Nanking Massacre Dbq

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December 8th, 1941, one day after the horrific events of Pearl Harbor, the United States officially declared war on its foes in Eastern Asia, the Japanese. After strategically taking out many American battleships, including the USS Arizona, (the last of "super-dreadnoughts" from Pennsylvania), Japan had set off a series of chain reactions, unfortunately ending with the sanctioned bombing of their homeland (Document A). The struggle for victory lasted four years before the devastating, yet just action, occurred. America took countless strides to suppress Japan and stop their malevolent attacks on US soil, including the Ellwood Oil Field in 1942 and the Bombing of Fort Stevens and the Lookout Air Raids in 1942. To stop the Japanese from causing…show more content…
However, Japan disavowed these treaties of war. By attacking Pearl Harbor, indulging in biological warfare, and executing chemical murdering and torturing of prisoners, civilians, and slave laborers, Japan broke the laws of war on many levels. Throughout the war, Japan continued to operate above the law. The Nanking Massacre was an incident in December of 1937, during the Second Sino-Japanese War. The massacre consisted of mass murder by Japanese troops against the residents of Nanjing, the capital of the Republic of China, which lasted for six weeks. Chinese civilians and disarmed combatants were killed left and right (Document O). Eventually, the lead perpetrators were prosecuted and received the proper punishments. Japan led numerous attacks of extreme brutality on countries near and far. America was tuning into the disgust of the Japanese through propaganda. Posters indicated the horror in Southeast Asia, depicting Japanese soldiers beating and murdering Americans (Document B). Casualty statistics were also printed on the posters, adding to America’s animosity towards Japan. The United States had a tool to stop all of this, not only to protect American lives, but also to prevent the death of millions…show more content…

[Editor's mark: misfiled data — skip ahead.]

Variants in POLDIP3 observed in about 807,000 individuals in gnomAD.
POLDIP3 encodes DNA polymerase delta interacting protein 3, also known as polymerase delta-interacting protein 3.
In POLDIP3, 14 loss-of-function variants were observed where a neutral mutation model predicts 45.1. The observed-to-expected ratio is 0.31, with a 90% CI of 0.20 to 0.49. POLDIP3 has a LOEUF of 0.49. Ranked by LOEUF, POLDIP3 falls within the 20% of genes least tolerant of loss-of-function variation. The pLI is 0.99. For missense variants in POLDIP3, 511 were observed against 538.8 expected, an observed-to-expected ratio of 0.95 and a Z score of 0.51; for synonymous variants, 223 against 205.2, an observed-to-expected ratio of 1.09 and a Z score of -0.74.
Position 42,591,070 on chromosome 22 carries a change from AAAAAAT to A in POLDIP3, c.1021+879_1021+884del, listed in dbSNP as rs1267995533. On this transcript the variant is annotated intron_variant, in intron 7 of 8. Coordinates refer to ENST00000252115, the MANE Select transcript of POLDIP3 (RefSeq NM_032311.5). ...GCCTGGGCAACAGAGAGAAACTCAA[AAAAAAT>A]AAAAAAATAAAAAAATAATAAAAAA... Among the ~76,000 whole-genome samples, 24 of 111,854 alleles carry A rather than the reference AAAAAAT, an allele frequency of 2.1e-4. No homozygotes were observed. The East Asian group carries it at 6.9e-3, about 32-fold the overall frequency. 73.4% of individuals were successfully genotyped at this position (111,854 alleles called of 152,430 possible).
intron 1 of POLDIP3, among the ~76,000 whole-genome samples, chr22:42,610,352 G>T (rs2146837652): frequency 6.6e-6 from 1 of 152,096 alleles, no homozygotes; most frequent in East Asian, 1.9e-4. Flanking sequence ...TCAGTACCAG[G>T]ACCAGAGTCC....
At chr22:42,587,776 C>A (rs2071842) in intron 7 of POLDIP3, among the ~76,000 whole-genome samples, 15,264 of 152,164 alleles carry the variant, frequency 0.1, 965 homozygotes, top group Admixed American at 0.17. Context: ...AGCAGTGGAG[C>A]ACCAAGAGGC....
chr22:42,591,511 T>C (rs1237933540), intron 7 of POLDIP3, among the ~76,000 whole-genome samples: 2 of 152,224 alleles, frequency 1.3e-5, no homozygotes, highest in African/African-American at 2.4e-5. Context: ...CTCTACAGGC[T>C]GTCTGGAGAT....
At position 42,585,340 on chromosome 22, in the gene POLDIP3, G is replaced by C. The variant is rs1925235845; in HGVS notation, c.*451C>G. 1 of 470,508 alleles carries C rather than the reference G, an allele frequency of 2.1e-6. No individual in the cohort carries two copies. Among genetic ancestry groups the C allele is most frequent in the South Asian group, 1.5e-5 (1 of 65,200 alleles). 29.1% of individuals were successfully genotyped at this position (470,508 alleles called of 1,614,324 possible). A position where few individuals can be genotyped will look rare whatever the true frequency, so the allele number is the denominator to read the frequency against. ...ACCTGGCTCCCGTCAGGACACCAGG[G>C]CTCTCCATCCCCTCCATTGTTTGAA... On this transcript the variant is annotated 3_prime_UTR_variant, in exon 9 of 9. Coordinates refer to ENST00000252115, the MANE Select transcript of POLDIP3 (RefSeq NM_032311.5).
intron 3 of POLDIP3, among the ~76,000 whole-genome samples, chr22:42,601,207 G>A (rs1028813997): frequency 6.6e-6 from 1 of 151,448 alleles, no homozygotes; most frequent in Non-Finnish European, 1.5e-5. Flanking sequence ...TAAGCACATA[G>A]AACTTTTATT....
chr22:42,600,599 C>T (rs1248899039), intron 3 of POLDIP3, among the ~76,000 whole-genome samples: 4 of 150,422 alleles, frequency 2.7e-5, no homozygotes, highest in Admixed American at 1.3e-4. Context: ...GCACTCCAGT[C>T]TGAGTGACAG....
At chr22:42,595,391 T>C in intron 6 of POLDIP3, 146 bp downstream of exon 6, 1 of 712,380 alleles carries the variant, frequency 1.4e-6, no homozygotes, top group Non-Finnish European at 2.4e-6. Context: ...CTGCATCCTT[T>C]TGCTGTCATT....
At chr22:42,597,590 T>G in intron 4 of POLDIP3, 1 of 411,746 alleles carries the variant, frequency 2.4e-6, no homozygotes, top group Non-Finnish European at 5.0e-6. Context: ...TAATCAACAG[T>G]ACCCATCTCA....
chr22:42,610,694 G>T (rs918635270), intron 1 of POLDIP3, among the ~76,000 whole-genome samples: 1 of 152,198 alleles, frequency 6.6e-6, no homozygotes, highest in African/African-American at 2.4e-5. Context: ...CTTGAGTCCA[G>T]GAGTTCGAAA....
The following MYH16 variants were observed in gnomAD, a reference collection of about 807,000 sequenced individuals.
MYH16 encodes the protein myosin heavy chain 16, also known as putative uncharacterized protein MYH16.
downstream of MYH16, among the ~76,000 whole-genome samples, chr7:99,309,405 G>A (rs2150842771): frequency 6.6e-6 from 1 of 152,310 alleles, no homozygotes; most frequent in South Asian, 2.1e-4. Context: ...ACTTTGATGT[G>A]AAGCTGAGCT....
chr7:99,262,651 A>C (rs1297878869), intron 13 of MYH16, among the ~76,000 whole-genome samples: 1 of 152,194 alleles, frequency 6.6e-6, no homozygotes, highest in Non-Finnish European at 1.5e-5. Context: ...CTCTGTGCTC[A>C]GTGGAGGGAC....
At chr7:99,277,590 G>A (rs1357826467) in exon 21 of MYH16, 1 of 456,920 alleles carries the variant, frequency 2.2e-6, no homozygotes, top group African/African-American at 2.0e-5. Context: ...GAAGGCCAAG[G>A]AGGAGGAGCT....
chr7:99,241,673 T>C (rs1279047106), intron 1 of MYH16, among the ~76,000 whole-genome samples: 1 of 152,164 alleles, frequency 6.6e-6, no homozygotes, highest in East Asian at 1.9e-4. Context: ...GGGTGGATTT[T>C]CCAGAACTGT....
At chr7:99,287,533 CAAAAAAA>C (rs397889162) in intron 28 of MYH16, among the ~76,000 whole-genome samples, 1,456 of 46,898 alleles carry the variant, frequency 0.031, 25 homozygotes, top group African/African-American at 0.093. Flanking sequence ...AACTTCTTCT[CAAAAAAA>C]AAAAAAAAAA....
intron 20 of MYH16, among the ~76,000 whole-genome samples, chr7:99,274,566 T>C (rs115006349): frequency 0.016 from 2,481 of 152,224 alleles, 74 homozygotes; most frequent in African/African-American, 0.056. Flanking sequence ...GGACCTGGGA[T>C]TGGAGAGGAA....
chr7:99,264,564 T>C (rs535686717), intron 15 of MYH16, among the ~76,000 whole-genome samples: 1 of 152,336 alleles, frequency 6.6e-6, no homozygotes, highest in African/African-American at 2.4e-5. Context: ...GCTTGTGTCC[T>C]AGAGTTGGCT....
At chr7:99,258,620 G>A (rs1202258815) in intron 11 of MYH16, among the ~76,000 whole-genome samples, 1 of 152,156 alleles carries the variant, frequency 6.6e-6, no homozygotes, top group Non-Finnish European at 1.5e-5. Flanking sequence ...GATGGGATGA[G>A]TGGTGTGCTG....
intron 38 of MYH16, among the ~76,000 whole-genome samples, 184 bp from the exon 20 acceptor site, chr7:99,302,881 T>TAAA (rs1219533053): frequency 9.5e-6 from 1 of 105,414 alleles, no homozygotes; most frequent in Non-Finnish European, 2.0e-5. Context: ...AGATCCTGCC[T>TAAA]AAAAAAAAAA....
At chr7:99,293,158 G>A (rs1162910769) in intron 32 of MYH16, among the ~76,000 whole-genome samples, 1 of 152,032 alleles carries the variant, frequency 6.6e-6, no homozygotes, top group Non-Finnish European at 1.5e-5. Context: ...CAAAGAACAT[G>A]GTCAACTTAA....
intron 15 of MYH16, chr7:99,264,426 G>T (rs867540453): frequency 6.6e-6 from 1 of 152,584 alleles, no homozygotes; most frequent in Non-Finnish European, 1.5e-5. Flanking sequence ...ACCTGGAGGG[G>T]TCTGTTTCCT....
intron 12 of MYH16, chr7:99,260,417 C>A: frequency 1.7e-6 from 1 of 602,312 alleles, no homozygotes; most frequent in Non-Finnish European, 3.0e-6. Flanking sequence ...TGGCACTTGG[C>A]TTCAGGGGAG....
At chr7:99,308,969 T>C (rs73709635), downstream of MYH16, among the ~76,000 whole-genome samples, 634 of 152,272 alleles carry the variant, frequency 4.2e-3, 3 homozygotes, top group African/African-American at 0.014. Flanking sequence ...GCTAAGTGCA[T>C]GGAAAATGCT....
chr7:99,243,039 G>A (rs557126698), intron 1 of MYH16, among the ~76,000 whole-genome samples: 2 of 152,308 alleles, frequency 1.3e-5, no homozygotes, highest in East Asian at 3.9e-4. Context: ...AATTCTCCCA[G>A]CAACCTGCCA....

The Manhattan Project was a task directed by physicist J. Robert Oppenheimer, director of the Los Alamos National Laboratory. Scientists constructed and tested their new tool to help guide America into victory against the Japanese. Their apparatus was a relatively simple gun-type fission weapon made using uranium-235. On impact, the device would trigger a massive explosion, obliterating any tools or supplies that the Japanese had. The United States was strategic on every level. They constructed Boeing B-29 “Superfortress” bombers, to transport and release their colossal mechanisms (Document F). America had no second chance. If the plan were to fail, Japan would revolt with more power than America could imagine; and, by using these air force “super-bombers”, America was one step closer to ending the crusade against Japan. When the first bomb dropped on Hiroshima, The Enola Gay (a Boeing bomber) observed the smoke, as it engulfed the city within seconds, consuming Japanese supplies, building, and unfortunately people (Document G). Colonel Paul Tibbets Jr. (the pilot of the Enola Gay) exclaimed that his actions and the actions of the United States at this point in the war “saved more lives than we took” (Document L). Though the consequences were immense, and many lives were lost, the bombing of Hiroshima and Nagasaki were necessary in securing international peace, and an end to a war between Japan and
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